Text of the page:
Jason Blum is the CEO and founder of one of the most significant film production studios in Hollywood and the film industry as a whole. The model that he and his team at Blumhouse have created has allowed a new generation of filmmakers to use every inch of their creativity, without totally going bankrupt.
It all started back in 2009 when the film Paranormal Activity was released. Blum, as a producer, was involved from the film’s inception all the way to its release. We all know about the Paranormal Activity franchise, but not many people know that the first film’s budget was roughly around $15,000. The film ended up grossing more than $190 million dollars worldwide, making it an indelible success. Post Paranormal Activity’s success, Jason Blum has produced dozens of other horror films with a very limited budget. These films include but are not limited to: Get Out (2017), Halloween (2018), Us (2019), The Invisible Man (2020), and all the other Paranormal Activity features. And even though those films’ budgets are much more than just $15,000, in comparison to the abundance of other films being made, it’s substantially fewer. For example, Get Out’s budget was $4,500,000 and grossed more than 255 million dollars worldwide. And as for the sequel-remake, Halloween, its production budget was $10,000,000 and grossed just a few thousand more than Get Out.
Blumhouse’s track record is incredible, so what’s the main reason for their success? Low production budgets.
As up and coming filmmakers, what can we take away from this? Several things actually, including:
As Blum demonstrated, you don’t need millions of dollars to create a film, going even further, a successful film. One benefit of limiting yourself to a lower budget is that it pushes you to be as efficient and creative as possible. This in turn, leads you to experiment and try out new techniques, such as camera angles, unknown actors, unique locations, etc. But not only that, it can lead you to try out a new genre, not new in terms of relative time it’s been around, but rather a genre you haven’t tried out yet.
Take Paranormal Activity, for example. There are multiple aspects of the film worthy of study from a filmmaking perspective that are also reflective of the Blumhouse low-budget model. These include:
The director of the film, Oren Peli, was resourceful as possible when it came to the number of filming locations, the budget, and the duration of the actual filming. The film took less than a month to film and was primarily shot in a house. It featured actors that were not payed the same amounts. But it payed off. In the end, they got much more.
As for the filmmaking aspect of it, the camera used a found footage technique. Now this is not something new. In fact, this film borrowed from the classic The Blair Witch Project (1999) which was also a mega-hit, due to its low budget. But I digress. In the 2007 film, the camera was actually featured within the frame. In particular mirror scenes, for instance, you can see one of the characters holding the camera, both filming because of his character and because this is the actual camera recording the movie as a whole. It was quite creative and different.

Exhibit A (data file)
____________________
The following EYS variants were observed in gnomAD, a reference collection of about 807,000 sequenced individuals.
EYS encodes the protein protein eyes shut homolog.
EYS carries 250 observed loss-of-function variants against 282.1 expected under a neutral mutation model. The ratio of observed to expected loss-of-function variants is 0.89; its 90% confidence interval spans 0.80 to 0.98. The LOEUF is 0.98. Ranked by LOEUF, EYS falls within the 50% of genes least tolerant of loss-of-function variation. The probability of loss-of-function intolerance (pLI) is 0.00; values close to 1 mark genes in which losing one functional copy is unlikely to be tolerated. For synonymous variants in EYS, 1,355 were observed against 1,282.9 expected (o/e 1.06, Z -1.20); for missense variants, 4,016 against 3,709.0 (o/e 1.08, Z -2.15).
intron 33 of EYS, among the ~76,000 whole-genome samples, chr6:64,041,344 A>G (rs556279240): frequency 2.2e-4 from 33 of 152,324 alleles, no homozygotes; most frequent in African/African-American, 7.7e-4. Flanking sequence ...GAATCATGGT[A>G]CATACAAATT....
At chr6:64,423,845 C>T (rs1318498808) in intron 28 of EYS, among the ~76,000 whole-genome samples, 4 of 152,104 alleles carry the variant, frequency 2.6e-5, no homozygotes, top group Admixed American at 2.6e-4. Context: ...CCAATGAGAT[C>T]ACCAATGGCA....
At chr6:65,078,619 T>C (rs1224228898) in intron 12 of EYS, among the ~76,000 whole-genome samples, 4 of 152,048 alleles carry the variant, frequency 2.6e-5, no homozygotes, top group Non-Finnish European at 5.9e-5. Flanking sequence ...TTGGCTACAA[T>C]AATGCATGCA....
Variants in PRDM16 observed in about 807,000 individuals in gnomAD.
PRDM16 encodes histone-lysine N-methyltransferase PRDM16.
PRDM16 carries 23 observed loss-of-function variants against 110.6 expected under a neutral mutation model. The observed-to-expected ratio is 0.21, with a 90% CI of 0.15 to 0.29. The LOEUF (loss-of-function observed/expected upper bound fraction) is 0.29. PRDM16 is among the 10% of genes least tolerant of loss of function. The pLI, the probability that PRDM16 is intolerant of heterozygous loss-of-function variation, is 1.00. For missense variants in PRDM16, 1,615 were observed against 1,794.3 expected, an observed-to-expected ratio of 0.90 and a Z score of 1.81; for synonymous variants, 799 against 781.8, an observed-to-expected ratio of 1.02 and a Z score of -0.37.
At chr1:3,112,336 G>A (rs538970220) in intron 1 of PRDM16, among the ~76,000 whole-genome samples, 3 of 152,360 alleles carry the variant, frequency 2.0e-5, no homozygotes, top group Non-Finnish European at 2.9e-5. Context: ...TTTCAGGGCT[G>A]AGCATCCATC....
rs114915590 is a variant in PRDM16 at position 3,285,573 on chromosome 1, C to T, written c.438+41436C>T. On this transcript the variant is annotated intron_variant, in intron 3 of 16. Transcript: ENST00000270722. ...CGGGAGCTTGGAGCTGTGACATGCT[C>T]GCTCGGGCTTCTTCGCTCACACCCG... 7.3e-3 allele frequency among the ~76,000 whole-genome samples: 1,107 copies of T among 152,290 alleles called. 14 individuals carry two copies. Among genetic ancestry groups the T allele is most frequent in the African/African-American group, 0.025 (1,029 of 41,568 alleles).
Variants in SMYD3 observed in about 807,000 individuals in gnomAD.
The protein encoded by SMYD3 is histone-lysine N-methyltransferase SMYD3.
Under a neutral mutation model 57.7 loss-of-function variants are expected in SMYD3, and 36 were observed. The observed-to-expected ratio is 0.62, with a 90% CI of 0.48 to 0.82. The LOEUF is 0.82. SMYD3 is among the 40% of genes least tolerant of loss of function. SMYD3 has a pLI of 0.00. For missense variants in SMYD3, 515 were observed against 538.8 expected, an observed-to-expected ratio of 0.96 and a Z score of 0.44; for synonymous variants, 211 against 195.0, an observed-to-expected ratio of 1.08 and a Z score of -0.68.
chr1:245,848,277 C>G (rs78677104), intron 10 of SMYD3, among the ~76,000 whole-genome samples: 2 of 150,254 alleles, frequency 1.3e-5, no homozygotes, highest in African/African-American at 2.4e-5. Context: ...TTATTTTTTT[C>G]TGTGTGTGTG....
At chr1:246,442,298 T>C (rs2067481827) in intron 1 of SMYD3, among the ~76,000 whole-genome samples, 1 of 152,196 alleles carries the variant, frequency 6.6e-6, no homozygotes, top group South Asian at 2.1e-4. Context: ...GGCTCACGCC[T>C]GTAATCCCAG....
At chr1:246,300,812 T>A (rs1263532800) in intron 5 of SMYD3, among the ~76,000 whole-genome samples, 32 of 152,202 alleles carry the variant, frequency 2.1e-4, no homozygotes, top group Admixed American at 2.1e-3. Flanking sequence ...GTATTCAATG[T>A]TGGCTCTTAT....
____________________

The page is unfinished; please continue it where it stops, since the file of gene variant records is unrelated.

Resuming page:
Another aspect of the movie that contributes to the argument, is the fact that the audio (at least most of it) was recorded from a microphone attached to the camera. This is seen above in the picture. Now one of the most important qualities of any film is the audio. If it’s not clearly audible, it will certainly bother many, including the audience. But to add authenticity to the film and the found-footage genre in general, the director decided to use an external mic attached to the camera. And after having watched it, I must say – it wasn’t bad! Not only was the audio good, but it adds realism. This is another example of how the film was both resourceful and innovative.
As time went on, Blumhouse continued to provide the funds for creative horror projects. They’re the ones who brought on James Wan, who started off the Saw, Insidious, and Conjuring franchises, and let him do what he wanted. And that’s one of the reasons why movies like these remain in the hearts and minds of people, because the artist had the freedom to completely tell the story he wanted to tell in the way he loved.
Switching gears, one of the ironic things about big-budget/blockbuster films, such as the Marvel movies, is that it forces you to be as perfect as possible and at times, that restricts your freedom in using different angles, or trying out new techniques. This is due to the fact that you’re afraid that it won’t work out. There’s more pressure on you because more people will watch your film (there’s a bigger audience). There are also more people to respond to, work for and please. It can terminally restrict your creativity. Now disclaimer, I’m not saying that Marvel films or big-budget movies aren’t creative or restrict the filmmaker’s ability to be as creative yet efficient as possible, I’m saying that it’s more visible and apparent in smaller budget films.
As aforementioned, in low-budget films, you have more freedom to be as creative as you can be and as Jason Blum showed, that can lead to substantial success.
As filmmakers, we can learn a lot from this model and it goes to show you that, it doesn’t take a whole lot to make a movie. What’s important and what actually matters is actually going out there and making it. Filming something. You never know who will end up seeing it, or how successful it can become – financially speaking and/or how it can positively turn your career around 180 degrees, just like that.